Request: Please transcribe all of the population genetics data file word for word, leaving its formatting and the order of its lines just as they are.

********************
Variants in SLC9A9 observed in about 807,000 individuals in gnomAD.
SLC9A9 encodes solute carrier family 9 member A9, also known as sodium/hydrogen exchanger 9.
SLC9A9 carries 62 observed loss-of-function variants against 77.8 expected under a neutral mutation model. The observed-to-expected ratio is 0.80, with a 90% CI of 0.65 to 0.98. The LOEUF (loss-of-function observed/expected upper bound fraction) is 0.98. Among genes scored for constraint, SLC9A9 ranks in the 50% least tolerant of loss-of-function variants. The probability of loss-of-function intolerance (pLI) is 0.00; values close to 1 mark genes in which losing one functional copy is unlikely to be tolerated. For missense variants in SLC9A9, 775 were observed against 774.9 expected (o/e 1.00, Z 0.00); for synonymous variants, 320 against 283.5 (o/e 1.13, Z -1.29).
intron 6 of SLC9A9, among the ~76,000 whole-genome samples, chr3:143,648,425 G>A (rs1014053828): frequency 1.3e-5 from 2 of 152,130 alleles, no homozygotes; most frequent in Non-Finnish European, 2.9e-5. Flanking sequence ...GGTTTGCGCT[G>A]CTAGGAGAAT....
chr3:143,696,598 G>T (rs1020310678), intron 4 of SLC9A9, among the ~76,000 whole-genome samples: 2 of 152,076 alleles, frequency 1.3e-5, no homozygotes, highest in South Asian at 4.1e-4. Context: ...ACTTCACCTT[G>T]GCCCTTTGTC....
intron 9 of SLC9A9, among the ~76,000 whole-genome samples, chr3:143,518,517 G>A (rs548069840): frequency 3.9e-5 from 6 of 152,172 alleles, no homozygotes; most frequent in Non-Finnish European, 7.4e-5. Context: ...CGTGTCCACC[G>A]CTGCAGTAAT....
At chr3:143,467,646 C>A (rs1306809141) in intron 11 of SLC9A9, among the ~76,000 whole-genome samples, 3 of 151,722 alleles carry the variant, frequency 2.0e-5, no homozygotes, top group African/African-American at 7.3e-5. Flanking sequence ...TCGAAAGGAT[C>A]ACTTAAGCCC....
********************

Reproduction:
Variants in SLC9A9 observed in about 807,000 individuals in gnomAD.
SLC9A9 encodes solute carrier family 9 member A9, also known as sodium/hydrogen exchanger 9.
SLC9A9 carries 62 observed loss-of-function variants against 77.8 expected under a neutral mutation model. The observed-to-expected ratio is 0.80, with a 90% CI of 0.65 to 0.98. The LOEUF (loss-of-function observed/expected upper bound fraction) is 0.98. Among genes scored for constraint, SLC9A9 ranks in the 50% least tolerant of loss-of-function variants. The probability of loss-of-function intolerance (pLI) is 0.00; values close to 1 mark genes in which losing one functional copy is unlikely to be tolerated. For missense variants in SLC9A9, 775 were observed against 774.9 expected (o/e 1.00, Z 0.00); for synonymous variants, 320 against 283.5 (o/e 1.13, Z -1.29).
intron 6 of SLC9A9, among the ~76,000 whole-genome samples, chr3:143,648,425 G>A (rs1014053828): frequency 1.3e-5 from 2 of 152,130 alleles, no homozygotes; most frequent in Non-Finnish European, 2.9e-5. Flanking sequence ...GGTTTGCGCT[G>A]CTAGGAGAAT....
chr3:143,696,598 G>T (rs1020310678), intron 4 of SLC9A9, among the ~76,000 whole-genome samples: 2 of 152,076 alleles, frequency 1.3e-5, no homozygotes, highest in South Asian at 4.1e-4. Context: ...ACTTCACCTT[G>T]GCCCTTTGTC....
intron 9 of SLC9A9, among the ~76,000 whole-genome samples, chr3:143,518,517 G>A (rs548069840): frequency 3.9e-5 from 6 of 152,172 alleles, no homozygotes; most frequent in Non-Finnish European, 7.4e-5. Context: ...CGTGTCCACC[G>A]CTGCAGTAAT....
At chr3:143,467,646 C>A (rs1306809141) in intron 11 of SLC9A9, among the ~76,000 whole-genome samples, 3 of 151,722 alleles carry the variant, frequency 2.0e-5, no homozygotes, top group African/African-American at 7.3e-5. Flanking sequence ...TCGAAAGGAT[C>A]ACTTAAGCCC....